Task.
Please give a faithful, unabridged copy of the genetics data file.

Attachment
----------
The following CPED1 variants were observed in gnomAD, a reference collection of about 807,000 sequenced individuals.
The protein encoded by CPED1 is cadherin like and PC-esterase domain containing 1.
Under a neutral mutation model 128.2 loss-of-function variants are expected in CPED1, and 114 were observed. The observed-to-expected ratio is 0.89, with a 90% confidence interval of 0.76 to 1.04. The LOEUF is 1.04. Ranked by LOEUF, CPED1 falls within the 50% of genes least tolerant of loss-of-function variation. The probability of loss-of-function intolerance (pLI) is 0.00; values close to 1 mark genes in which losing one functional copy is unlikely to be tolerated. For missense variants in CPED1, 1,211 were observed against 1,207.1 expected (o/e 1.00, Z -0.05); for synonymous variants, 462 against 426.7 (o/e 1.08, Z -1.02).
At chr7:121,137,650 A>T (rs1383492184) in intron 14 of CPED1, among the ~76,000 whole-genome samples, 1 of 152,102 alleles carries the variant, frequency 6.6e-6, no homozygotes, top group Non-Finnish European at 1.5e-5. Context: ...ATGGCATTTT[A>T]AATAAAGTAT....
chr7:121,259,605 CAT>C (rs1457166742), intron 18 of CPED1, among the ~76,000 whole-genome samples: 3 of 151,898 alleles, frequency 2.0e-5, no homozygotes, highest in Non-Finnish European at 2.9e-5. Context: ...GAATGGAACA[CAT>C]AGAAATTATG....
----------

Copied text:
The following CPED1 variants were observed in gnomAD, a reference collection of about 807,000 sequenced individuals.
The protein encoded by CPED1 is cadherin like and PC-esterase domain containing 1.
Under a neutral mutation model 128.2 loss-of-function variants are expected in CPED1, and 114 were observed. The observed-to-expected ratio is 0.89, with a 90% confidence interval of 0.76 to 1.04. The LOEUF is 1.04. Ranked by LOEUF, CPED1 falls within the 50% of genes least tolerant of loss-of-function variation. The probability of loss-of-function intolerance (pLI) is 0.00; values close to 1 mark genes in which losing one functional copy is unlikely to be tolerated. For missense variants in CPED1, 1,211 were observed against 1,207.1 expected (o/e 1.00, Z -0.05); for synonymous variants, 462 against 426.7 (o/e 1.08, Z -1.02).
At chr7:121,137,650 A>T (rs1383492184) in intron 14 of CPED1, among the ~76,000 whole-genome samples, 1 of 152,102 alleles carries the variant, frequency 6.6e-6, no homozygotes, top group Non-Finnish European at 1.5e-5. Context: ...ATGGCATTTT[A>T]AATAAAGTAT....
chr7:121,259,605 CAT>C (rs1457166742), intron 18 of CPED1, among the ~76,000 whole-genome samples: 3 of 151,898 alleles, frequency 2.0e-5, no homozygotes, highest in Non-Finnish European at 2.9e-5. Context: ...GAATGGAACA[CAT>C]AGAAATTATG....